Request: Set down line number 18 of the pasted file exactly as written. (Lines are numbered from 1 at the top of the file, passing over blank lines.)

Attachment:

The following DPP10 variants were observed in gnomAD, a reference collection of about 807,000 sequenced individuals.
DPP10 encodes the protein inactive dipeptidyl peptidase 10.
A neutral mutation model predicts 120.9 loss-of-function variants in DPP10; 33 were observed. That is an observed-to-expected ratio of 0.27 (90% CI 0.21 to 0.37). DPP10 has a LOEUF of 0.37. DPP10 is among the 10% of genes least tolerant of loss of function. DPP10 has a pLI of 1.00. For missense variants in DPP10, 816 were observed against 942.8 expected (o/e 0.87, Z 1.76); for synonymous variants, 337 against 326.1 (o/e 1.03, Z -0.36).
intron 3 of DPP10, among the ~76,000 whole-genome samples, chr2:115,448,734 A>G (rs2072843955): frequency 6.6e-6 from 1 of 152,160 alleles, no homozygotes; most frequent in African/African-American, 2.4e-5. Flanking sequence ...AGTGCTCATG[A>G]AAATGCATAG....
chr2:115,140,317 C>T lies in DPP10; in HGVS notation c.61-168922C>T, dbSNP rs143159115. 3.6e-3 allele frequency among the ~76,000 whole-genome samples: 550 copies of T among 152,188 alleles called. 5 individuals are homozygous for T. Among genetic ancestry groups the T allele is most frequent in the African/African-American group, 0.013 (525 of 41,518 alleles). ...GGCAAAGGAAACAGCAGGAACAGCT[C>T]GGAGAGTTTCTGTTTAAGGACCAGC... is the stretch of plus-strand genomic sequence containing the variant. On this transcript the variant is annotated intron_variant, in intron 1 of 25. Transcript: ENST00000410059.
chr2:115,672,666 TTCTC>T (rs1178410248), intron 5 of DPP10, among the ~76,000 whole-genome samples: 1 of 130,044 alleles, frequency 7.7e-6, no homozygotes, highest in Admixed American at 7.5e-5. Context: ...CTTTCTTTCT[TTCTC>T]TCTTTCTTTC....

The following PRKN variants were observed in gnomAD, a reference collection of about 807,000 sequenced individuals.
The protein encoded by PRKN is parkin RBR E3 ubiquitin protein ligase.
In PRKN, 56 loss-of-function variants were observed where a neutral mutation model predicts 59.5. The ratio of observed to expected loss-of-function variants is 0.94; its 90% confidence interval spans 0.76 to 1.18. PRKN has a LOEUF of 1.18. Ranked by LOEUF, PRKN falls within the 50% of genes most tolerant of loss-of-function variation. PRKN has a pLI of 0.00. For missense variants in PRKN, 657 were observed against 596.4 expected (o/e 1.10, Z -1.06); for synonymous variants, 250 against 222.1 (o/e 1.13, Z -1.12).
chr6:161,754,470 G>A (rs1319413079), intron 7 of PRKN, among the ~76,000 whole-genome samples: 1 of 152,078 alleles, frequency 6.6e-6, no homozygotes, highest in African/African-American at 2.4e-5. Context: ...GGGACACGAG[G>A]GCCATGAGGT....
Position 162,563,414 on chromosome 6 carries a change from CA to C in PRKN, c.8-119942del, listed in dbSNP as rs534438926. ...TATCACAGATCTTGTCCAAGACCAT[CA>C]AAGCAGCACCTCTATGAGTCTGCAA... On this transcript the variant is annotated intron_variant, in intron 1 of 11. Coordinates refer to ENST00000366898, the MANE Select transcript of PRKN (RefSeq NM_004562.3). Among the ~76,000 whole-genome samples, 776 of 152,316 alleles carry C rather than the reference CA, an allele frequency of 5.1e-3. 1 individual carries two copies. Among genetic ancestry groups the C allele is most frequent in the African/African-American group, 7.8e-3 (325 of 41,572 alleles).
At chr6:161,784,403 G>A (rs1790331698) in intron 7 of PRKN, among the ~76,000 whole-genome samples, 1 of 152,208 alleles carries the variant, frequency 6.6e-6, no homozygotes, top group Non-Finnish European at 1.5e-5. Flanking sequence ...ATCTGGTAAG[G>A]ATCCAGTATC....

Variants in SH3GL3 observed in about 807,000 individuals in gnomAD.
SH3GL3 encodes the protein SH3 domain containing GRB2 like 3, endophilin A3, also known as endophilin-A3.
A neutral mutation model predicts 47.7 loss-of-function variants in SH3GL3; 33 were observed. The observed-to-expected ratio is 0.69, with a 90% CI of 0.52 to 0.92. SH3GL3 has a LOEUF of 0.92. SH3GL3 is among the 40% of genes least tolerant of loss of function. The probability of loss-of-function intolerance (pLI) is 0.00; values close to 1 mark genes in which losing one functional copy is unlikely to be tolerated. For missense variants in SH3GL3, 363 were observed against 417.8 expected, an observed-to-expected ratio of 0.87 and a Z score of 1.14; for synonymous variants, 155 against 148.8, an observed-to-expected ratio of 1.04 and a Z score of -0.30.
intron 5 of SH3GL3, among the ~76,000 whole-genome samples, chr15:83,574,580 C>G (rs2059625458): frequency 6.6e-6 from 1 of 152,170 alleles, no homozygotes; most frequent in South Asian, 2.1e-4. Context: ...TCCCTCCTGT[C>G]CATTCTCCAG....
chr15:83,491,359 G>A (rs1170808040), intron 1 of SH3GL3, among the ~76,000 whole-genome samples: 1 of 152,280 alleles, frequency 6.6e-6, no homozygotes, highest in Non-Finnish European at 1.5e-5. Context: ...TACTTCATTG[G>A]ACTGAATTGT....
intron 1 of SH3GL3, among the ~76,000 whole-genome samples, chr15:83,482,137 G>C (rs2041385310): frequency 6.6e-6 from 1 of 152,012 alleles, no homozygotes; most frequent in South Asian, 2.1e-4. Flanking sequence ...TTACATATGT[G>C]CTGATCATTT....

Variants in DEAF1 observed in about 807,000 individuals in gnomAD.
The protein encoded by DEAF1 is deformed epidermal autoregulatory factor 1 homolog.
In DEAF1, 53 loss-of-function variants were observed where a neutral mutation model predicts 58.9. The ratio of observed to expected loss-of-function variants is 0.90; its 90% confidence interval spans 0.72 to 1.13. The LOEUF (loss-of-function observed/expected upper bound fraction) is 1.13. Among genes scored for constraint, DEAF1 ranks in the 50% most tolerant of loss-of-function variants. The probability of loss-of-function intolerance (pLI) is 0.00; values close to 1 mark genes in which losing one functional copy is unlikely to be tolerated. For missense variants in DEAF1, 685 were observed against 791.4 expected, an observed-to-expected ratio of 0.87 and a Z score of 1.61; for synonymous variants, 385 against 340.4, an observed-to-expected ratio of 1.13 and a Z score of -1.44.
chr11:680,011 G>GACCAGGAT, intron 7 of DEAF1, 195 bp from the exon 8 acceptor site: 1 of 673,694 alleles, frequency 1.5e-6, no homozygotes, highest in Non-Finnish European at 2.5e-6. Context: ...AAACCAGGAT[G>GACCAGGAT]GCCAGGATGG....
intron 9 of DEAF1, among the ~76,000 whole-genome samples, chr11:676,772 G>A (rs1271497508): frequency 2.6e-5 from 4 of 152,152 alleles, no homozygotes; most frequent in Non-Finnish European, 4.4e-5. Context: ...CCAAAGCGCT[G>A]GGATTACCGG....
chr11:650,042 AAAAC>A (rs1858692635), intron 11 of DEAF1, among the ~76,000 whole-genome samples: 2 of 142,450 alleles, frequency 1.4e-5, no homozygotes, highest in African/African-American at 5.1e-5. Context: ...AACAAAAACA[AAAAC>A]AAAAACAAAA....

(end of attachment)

intron 1 of SH3GL3, among the ~76,000 whole-genome samples, chr15:83,482,137 G>C (rs2041385310): frequency 6.6e-6 from 1 of 152,012 alleles, no homozygotes; most frequent in South Asian, 2.1e-4. Flanking sequence ...TTACATATGT[G>C]CTGATCATTT....